HIS EARLY YEARS
Matthew 2:13-23, Luke 2:39-52
We know very little about the early years of Jesus’ life. We know that he spent some of these years growing up as an exile in Egypt. We know that after the death of Herod the Great, his family returned to Israel and settled in Nazareth of Galilee. We know that he grew up there, the son of a carpenter, living in relative obscurity from the rest of the world. We know that he was raised to know the law and to love the God of Israel, just like every other normal Jewish boy growing up in Palestine. We know that at least once his family made the pilgrimage to Jerusalem for the Feast of the Passover. And other than these things we don’t know very much.
Throughout the centuries people have been intrigued with this part of Jesus’ life. What was he like as a boy? What was he like as a teenager? Did his parents ever have to teach him anything? How did he relate to his brothers and sister? These questions have led some to create stories about these years of Jesus’ life. In one story the boy Jesus makes clay pigeons and then brings them to life. In another story, some neighbors complain about Jesus’ family and he curses them with blindness. And in another, Jesus heals his brother James who is bitten by a poisonous snake. [These are all stories from the Infancy Gospel of Thomas. To see why it is not part of the Bible read this article: “Who Decided Which Books Should Go in the Bible“]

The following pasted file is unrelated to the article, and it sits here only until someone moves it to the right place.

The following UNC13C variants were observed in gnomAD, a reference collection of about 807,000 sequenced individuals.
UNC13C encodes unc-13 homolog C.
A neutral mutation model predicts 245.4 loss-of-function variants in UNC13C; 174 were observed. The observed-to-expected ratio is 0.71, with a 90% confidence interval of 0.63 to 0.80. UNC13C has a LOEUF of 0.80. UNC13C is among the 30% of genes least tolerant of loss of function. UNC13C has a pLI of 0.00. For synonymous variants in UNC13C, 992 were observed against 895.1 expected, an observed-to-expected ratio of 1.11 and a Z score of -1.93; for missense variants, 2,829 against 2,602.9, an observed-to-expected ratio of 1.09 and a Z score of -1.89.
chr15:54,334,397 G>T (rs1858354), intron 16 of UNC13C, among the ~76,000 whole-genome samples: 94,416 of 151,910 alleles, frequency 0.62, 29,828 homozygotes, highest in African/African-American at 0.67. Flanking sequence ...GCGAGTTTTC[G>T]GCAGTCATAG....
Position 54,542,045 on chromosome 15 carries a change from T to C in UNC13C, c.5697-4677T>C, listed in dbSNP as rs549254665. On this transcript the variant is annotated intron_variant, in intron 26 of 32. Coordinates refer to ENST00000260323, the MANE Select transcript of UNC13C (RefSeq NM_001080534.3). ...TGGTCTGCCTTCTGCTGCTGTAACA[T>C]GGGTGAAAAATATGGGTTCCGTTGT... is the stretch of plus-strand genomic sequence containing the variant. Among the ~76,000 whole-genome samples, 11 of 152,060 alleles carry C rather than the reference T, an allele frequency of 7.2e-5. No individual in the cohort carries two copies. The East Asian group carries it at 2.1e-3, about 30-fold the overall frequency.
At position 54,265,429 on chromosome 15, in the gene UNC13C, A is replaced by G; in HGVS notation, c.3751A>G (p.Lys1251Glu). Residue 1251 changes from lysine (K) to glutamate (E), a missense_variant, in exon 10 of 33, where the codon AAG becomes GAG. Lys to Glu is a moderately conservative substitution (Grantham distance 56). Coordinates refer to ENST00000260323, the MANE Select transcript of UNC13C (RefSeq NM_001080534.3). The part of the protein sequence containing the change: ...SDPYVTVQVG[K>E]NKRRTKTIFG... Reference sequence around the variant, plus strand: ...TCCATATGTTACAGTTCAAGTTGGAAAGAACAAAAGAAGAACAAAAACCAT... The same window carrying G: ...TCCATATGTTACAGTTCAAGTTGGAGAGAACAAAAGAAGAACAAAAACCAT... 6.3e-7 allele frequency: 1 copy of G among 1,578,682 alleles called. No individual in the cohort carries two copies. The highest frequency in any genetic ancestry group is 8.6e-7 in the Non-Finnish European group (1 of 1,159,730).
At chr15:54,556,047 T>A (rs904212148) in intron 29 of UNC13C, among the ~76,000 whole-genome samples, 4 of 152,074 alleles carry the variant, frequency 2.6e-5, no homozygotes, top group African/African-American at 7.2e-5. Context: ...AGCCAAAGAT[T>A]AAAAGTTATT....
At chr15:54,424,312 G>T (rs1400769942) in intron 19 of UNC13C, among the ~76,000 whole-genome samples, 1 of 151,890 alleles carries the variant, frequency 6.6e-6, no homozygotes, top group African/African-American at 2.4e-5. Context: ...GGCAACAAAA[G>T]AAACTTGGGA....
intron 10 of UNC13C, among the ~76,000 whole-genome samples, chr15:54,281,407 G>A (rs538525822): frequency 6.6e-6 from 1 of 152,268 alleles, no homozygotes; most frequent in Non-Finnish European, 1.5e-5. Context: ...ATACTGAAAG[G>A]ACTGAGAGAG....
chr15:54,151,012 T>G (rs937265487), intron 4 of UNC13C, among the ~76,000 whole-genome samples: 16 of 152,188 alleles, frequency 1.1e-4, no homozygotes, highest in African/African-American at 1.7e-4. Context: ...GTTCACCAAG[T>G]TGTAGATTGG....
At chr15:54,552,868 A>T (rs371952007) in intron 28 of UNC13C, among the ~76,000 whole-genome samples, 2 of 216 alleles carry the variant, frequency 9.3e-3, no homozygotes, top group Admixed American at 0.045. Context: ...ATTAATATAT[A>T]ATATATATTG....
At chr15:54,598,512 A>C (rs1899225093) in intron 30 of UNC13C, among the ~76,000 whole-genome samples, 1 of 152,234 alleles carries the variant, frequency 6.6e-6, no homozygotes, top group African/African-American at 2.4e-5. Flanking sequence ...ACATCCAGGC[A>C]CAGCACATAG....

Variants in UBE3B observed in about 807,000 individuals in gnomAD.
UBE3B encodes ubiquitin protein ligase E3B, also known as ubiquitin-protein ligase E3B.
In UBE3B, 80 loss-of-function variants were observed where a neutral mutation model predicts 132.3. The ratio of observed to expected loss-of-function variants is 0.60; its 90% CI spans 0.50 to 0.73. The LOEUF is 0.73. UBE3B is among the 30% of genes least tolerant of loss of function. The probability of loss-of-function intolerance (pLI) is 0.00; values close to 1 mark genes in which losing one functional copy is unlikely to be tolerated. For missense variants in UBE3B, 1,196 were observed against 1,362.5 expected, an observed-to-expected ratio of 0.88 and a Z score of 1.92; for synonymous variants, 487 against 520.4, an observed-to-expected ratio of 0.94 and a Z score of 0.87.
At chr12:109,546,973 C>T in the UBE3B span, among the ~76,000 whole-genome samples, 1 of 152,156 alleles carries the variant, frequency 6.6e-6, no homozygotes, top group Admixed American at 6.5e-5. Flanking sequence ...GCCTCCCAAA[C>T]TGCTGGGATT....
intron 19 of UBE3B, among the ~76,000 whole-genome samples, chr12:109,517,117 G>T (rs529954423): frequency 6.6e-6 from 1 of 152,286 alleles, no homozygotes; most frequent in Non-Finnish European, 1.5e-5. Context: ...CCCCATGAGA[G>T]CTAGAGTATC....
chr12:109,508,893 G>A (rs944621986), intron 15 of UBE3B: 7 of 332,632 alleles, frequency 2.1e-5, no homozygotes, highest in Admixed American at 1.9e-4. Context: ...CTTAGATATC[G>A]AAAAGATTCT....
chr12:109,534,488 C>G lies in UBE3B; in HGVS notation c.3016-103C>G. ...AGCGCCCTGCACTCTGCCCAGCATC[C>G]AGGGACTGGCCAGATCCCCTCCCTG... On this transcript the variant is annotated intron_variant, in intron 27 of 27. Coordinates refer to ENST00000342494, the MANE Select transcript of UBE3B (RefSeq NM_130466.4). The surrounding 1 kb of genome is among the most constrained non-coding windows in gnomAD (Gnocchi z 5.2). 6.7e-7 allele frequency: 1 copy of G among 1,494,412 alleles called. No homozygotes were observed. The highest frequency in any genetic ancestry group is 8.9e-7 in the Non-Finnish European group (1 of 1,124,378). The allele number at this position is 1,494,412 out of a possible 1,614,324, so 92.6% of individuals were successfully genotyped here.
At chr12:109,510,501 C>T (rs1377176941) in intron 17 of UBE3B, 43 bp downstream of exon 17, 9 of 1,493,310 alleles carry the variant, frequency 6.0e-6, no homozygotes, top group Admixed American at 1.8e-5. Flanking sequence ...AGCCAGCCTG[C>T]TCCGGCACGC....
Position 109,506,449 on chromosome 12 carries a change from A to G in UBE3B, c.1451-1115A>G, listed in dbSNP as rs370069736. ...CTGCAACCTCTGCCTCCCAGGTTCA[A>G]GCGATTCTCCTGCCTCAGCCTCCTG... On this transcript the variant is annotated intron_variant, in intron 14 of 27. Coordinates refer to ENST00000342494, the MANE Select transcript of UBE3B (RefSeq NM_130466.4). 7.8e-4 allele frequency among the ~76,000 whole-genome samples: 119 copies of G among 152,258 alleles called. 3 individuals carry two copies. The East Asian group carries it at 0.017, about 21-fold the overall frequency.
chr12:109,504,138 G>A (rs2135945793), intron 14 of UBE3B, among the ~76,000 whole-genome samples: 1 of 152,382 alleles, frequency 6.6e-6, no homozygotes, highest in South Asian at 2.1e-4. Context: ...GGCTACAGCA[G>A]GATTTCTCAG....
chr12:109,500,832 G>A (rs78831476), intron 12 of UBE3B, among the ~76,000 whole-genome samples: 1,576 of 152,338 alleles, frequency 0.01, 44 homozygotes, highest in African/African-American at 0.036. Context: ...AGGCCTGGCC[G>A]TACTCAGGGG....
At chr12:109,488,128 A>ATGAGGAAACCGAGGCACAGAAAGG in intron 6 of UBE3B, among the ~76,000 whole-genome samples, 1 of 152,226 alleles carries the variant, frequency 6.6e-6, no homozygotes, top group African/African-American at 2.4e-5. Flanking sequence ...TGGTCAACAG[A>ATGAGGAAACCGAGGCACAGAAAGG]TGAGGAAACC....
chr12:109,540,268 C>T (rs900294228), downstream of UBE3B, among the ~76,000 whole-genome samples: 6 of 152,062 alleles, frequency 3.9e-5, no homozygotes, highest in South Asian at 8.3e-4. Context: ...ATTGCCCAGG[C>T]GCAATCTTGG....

These stories are at best entertainment and are quite different than the picture of the boy Jesus we see in the gospels. Luke says this of him: “And the child grew and became strong, filled with wisdom. And the favor of God was upon him,” (Luke 2:40 ESV). This is about all that we have describing what Jesus was like. We see a story of him when he was twelve, but it just further displays this truth. He wasn’t some boy wizard turning tricks to impress his friends. He wasn’t a testy child who could summons disease and aliments at will. He wasn’t just someone handy to have with you when you went hiking were snakes were found. No, he was a child – just like every other child – who grew in wisdom and was loved by God.
I think that this absence of material on the life of Jesus is meant to show us how normal Jesus was. Sure he was unique. Who else can boast of being both God and man? Yet, he was profoundly one of us. In every way he was one of us. He learned how to walk. He learned the trade of his father. He had friends. He was a big brother. He went to the Synagogue on the Sabbath. He loved his mother. The author of Hebrews tells us that he was made like us in every respect (Hebrews 2:17). How amazing is it that in order to save us, God become one of us. He didn’t just visit us. He didn’t just appear like us. No. He became, in the very truest sense of the word, human.